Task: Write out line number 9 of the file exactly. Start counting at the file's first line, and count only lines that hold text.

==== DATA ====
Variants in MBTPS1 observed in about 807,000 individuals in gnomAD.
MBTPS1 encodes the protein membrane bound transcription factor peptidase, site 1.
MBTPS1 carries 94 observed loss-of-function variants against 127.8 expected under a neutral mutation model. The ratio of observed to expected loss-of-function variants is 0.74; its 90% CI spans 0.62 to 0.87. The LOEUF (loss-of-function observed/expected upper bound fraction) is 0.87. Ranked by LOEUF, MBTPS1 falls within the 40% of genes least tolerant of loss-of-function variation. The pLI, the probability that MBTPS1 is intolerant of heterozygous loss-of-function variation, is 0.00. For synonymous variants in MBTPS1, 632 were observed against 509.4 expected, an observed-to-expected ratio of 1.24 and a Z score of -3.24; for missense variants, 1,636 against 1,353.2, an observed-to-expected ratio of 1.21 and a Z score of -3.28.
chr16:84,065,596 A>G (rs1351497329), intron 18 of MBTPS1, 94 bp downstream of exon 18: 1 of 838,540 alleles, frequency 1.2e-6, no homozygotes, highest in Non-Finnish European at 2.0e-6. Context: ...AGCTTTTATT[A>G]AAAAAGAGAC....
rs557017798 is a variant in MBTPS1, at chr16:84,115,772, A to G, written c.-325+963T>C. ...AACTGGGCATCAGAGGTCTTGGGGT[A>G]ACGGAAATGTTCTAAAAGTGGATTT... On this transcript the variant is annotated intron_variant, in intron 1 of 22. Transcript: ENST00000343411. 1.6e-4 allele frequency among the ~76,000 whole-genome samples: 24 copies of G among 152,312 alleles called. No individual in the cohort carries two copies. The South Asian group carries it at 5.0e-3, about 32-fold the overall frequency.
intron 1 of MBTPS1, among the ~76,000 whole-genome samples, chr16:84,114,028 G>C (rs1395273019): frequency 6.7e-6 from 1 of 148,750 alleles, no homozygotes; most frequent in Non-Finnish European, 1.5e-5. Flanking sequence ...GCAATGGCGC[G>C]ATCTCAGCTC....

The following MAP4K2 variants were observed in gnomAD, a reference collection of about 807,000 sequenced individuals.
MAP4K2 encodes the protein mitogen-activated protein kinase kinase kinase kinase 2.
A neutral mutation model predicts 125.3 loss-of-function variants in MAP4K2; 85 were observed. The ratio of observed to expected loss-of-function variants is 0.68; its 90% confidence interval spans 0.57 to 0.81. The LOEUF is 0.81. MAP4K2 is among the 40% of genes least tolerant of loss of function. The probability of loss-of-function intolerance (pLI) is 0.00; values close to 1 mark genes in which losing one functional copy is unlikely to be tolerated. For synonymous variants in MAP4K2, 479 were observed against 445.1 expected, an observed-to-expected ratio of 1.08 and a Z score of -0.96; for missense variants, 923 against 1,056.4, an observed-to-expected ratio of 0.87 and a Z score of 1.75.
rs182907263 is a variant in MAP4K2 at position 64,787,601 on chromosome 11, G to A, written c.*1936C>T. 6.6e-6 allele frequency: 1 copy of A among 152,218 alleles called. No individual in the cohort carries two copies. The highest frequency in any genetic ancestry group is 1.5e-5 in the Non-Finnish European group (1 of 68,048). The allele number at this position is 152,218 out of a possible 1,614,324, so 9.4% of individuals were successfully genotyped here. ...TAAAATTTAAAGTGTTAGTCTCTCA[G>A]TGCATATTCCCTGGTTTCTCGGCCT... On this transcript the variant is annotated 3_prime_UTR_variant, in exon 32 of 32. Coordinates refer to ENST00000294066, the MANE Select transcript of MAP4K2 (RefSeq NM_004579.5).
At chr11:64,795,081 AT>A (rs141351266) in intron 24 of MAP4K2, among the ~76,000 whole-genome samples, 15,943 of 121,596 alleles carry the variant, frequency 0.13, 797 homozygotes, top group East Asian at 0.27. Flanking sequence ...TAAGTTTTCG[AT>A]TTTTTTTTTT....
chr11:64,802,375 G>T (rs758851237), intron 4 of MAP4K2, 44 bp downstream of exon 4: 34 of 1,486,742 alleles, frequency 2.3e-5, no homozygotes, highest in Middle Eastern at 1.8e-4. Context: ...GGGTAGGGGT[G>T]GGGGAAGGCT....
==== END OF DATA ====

A neutral mutation model predicts 125.3 loss-of-function variants in MAP4K2; 85 were observed. The ratio of observed to expected loss-of-function variants is 0.68; its 90% confidence interval spans 0.57 to 0.81. The LOEUF is 0.81. MAP4K2 is among the 40% of genes least tolerant of loss of function. The probability of loss-of-function intolerance (pLI) is 0.00; values close to 1 mark genes in which losing one functional copy is unlikely to be tolerated. For synonymous variants in MAP4K2, 479 were observed against 445.1 expected, an observed-to-expected ratio of 1.08 and a Z score of -0.96; for missense variants, 923 against 1,056.4, an observed-to-expected ratio of 0.87 and a Z score of 1.75.